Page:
Researchers at the U.S. Department of Energy’s (DOE) Argonne National Laboratory have developed a new electrolyte mixture to overcome the challenges of lithium-ion battery (LIB) performance.
For decades, scientists have been searching for new electrode materials and electrolytes that could provide high power densities, greater capacity densities and better safety. The versatility of lithium-ion battery means it can be tailored to powering cell phones, laptops, power tools and electric vehicles. However, the growing demand for electric vehicles have led scientists on a vigorous hunt for new electrode material to increase the performance of LIBs.
Typically, silicon anode is the popular replacement to the current graphite anode; its large energy storage capacity, low price and its abundance are attractive advantages. However, a silicon-based anode in a lithium-ion cell becomes very reactive, degrading the cell overtime and consequently affecting the length of its life cycle.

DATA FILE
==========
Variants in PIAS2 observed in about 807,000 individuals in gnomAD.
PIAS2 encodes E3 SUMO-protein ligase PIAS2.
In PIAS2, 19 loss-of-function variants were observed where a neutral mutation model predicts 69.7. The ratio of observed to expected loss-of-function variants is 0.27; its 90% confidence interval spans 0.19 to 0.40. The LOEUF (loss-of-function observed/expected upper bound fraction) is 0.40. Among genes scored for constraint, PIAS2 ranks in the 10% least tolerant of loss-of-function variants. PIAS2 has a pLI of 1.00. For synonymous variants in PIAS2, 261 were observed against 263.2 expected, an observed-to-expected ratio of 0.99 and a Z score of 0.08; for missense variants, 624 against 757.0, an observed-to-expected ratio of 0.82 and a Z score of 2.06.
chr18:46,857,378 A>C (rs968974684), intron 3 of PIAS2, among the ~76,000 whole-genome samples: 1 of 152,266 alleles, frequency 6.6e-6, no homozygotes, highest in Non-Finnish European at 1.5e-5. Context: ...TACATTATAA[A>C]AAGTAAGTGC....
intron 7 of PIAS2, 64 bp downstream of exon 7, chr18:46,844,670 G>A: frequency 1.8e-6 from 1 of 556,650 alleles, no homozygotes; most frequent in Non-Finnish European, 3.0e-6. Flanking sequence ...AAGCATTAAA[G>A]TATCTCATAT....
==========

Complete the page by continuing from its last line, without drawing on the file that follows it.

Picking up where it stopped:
To overcome this challenge, Argonne scientists have developed a unique electrolyte additive strategy, adding a small amount of a second salt containing charged metal cations, giving silicon anodes an increased surface and bulk stabilities. This mixture, known as MESA (mixed-salt electrolytes for silicon anodes) improves the cycling life.
Baris Key, a chemist in the Chemical Science and Engineering division at Argonne, believes this ‘new chemistry is simple, scalable and fully compatible with existing battery technology.’
The MESA-containing electrolytes work during charging when the metal cation additions in electrolyte solution migrate into the silicon anode, along with lithium ions. This forms lithium-metal-silicon phases which are stable and much larger in energy density than the cells with graphite.
Key believes that if this intervention becomes part of the production process of silicon anodes, it will have a far-reaching impact.
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